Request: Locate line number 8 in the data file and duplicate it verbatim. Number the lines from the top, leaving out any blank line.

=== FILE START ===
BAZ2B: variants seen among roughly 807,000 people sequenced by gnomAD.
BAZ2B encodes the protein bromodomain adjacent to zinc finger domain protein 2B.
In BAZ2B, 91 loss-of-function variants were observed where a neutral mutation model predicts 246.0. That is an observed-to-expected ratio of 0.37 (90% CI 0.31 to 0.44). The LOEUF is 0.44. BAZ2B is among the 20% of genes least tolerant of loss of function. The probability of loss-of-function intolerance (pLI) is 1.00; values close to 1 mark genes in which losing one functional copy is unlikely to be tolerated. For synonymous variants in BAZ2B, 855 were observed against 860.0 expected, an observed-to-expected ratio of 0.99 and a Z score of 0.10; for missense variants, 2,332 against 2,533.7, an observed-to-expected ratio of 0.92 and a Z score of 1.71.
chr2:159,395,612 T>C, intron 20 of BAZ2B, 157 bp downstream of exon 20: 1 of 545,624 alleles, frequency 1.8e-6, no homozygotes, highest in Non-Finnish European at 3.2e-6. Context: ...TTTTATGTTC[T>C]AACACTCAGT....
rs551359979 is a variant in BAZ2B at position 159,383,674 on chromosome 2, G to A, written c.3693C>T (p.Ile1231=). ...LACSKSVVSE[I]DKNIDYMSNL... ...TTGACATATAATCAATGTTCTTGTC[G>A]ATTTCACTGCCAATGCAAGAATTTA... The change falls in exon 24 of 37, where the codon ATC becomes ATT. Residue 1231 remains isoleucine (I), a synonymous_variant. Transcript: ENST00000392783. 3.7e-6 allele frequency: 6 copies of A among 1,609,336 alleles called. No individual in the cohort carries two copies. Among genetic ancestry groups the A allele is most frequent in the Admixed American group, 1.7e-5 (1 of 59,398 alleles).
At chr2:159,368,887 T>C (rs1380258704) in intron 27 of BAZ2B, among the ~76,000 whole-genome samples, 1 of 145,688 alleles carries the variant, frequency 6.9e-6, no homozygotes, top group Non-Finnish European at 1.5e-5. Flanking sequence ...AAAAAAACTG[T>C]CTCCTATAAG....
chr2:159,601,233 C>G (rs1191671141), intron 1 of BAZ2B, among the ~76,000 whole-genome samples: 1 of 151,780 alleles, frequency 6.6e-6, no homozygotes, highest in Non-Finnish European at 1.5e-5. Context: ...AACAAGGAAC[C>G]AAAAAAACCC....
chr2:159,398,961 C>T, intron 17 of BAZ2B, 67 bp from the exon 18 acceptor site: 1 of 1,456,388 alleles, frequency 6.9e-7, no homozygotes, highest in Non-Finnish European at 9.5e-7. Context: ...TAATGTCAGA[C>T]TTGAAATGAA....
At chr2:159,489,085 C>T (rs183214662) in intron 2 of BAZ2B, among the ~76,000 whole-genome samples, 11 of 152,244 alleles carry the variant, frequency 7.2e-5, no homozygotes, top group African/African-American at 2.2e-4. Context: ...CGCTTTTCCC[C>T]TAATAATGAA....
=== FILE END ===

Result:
chr2:159,398,961 C>T, intron 17 of BAZ2B, 67 bp from the exon 18 acceptor site: 1 of 1,456,388 alleles, frequency 6.9e-7, no homozygotes, highest in Non-Finnish European at 9.5e-7. Context: ...TAATGTCAGA[C>T]TTGAAATGAA....